Friday, April 6, 2012


INR remains one of the riskiest currencies. India’s large and widening current account (CA) deficit and its dependence on volatile capital inflows make it vulnerable to becoming a casualty of swings in global risk appetite and crude oil prices. INR’s recovery in January was due partly to RBI’s aggressive currency intervention, although global risk-on, RBI’s antispeculative measures and deregulation of NRI deposit rates also helped. However, INR has been weakening against USD since early February, despite a surge in portfolio inflows into India (1Q12: around USD13.5bn). Global risk-on will likely boost volatile capital inflows unless domestic factors, such politics and policy coordination, are turn-offs. But capital inflows may not be adequate to eliminate concerns about smooth financing of the CA deficit. On our forecast, the CA deficit of 3.9% of GDP in FY13 is beyond the RBI’s comfort level. This, along with our expectations of a stronger dollar, sets the stage for INR to weaken. We maintain our end-2012 forecast of INR55:USD.

INR has had an exceptionally volatile ride (Figure 1). It slumped to nearly INR54:USD in mid-December before recovering to INR49:USD by mid- February due to a combination of an unexpectedly strong jump in portfolio inflows triggered by global risk-on and RBI’s desperate measures, including aggressive currency intervention in January. However, it weakened subsequently and has broken above the 51-mark despite USD weakness. The pace of capital inflows has slowed recently even as the CA deficit remains large. In the absence of meaningful RBI currency defence, INR had to weaken. But no economy with a large CA deficit should rely mainly on portfolio inflows to finance the deficit as these inflows can be uncertain. Also, it is unlikely that capital inflows will comfortably and smoothly finance the wider CA deficit in FY13.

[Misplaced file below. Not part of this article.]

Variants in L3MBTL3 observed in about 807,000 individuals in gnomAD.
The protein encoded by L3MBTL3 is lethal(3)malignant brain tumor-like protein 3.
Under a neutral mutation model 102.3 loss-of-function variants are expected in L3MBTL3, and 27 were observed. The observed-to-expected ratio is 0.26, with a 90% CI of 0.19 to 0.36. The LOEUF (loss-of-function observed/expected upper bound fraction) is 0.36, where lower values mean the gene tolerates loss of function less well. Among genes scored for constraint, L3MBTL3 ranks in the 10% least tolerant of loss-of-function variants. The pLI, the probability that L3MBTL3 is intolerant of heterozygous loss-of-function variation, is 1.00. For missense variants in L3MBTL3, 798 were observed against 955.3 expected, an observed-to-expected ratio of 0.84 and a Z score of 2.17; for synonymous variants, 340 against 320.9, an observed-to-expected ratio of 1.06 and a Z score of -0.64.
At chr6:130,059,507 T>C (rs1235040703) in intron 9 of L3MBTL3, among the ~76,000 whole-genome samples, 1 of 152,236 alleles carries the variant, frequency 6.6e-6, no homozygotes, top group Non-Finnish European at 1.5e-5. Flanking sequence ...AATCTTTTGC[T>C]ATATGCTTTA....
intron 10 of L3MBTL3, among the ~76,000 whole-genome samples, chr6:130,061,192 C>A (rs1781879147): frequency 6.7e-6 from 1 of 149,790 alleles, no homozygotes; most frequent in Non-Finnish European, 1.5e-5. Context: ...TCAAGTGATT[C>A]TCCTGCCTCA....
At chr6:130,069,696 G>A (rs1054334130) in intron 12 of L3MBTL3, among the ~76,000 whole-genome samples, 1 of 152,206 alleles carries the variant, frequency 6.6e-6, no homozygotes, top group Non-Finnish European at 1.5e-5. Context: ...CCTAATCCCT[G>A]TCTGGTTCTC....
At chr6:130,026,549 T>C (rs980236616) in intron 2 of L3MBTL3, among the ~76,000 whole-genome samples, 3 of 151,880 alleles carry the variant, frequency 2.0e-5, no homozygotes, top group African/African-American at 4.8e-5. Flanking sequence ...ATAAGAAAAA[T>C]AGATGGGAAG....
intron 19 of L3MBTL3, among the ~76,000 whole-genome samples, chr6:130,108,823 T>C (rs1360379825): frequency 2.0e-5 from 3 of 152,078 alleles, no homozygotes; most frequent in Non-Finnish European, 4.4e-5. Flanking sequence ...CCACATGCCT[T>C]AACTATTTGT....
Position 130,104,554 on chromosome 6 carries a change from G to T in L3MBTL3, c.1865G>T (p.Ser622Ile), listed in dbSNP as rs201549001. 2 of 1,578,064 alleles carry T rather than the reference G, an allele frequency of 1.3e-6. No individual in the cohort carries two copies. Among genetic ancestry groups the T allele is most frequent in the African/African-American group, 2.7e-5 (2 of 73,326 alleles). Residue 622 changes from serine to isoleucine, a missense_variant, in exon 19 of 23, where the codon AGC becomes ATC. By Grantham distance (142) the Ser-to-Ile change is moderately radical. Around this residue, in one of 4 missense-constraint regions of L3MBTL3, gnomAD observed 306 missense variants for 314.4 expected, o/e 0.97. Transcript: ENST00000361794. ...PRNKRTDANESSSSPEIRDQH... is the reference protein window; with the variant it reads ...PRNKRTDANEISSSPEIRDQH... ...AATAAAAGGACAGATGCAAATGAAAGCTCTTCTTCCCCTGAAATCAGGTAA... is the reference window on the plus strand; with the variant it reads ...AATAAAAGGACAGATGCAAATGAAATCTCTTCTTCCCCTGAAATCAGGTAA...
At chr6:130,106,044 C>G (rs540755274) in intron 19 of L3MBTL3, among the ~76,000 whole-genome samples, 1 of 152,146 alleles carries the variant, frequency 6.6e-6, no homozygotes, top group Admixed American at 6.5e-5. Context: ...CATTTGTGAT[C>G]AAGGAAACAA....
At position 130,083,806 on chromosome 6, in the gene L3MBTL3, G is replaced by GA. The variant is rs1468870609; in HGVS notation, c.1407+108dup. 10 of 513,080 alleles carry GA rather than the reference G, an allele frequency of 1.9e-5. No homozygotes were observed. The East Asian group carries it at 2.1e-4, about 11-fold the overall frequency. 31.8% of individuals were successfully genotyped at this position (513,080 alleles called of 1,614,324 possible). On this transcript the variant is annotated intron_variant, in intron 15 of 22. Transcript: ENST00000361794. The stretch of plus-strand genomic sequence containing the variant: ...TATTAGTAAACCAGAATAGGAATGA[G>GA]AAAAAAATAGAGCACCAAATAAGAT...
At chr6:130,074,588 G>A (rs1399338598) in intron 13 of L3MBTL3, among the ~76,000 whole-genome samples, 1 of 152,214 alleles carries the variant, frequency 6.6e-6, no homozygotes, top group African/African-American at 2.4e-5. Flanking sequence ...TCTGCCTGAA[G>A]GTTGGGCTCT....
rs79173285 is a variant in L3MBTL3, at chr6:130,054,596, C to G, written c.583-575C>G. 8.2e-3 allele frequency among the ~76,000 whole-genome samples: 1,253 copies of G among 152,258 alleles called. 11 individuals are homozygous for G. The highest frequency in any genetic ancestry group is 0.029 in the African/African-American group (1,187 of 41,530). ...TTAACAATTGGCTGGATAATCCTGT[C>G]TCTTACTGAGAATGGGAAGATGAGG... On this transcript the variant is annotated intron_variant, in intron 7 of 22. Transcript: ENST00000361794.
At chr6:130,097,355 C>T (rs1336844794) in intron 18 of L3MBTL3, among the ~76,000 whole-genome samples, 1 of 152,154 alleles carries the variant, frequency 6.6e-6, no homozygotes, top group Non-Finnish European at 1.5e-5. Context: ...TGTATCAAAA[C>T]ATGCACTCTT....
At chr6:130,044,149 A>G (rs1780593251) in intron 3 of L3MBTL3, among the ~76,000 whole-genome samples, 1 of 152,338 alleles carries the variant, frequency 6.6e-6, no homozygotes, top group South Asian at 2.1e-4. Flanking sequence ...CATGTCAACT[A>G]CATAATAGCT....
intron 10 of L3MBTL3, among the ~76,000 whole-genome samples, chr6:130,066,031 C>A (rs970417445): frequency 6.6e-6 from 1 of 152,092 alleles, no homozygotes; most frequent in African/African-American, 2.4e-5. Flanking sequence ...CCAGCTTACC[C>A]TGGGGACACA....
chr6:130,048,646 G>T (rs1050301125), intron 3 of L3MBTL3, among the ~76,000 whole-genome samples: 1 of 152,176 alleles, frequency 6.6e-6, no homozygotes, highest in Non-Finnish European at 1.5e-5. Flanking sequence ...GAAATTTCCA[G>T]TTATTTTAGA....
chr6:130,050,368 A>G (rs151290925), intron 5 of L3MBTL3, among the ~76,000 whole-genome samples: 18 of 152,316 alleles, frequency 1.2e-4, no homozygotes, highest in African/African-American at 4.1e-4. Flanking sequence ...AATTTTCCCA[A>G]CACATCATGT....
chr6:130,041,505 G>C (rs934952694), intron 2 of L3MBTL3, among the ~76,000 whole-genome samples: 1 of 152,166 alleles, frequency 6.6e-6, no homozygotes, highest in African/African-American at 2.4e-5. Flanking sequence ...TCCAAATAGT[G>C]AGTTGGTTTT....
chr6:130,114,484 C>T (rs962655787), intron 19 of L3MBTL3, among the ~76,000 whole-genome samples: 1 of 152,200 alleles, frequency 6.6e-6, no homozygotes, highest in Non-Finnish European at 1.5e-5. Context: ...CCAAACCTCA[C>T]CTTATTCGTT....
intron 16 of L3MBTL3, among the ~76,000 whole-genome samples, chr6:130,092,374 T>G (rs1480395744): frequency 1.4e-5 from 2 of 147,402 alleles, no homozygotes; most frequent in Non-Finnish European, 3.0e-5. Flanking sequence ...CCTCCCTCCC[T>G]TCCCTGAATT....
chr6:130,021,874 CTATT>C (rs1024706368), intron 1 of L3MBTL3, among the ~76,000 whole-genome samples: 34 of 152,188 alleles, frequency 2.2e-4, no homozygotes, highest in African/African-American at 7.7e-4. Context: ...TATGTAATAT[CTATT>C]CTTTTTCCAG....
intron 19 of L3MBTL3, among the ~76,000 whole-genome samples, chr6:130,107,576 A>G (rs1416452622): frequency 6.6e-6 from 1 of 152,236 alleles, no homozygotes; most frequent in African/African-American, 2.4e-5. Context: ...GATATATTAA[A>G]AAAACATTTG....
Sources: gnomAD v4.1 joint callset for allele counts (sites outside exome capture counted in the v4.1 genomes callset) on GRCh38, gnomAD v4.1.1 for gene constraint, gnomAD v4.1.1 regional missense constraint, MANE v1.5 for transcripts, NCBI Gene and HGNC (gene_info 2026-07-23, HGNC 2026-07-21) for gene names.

Second, outlook for USD. We expect USD to strengthen in 2H12, which in turn should be negative for INR. Note that INR has weakened in recent weeks despite USD weakness (Figure 4). Such an outcome does not boost confidence.

To read report in detail: INDIAN RUPEE

>INDIA CEMENT SECTOR: Competition Commission of India (CCI) on the verge of levying penalties for cartelisation

Costs, capacity & cartel = cash out

Cash out time
Cement stocks have witnessed a strong rally in the last 12 months, outperforming the Nifty by 36%, driven by the longevity of pricing discipline. With stocks trading at 18-19x PER and the chances of a hefty penalty from the Competition Commission of India (CCI) looming ahead, the risk/reward appears unfavourable. Moreover, with continued capacity additions and rising costs, earnings growth should remain elusive for at least another two years. We remain Underweight on the Indian cement sector.

Cement price at all-time highs – where is the money?
Our study of 16 cement companies shows that since 1996, i.e. in the last 15 years, the incremental EBITDA made by these companies cumulatively was just US$2bn, and the bulk of this came just in the three years from 2006-08. We believe that the cement industry is again in a phase where the fight will be to sustain earnings, and we don’t see things changing over the next three years. Costs, costs, and costs – and will keep rising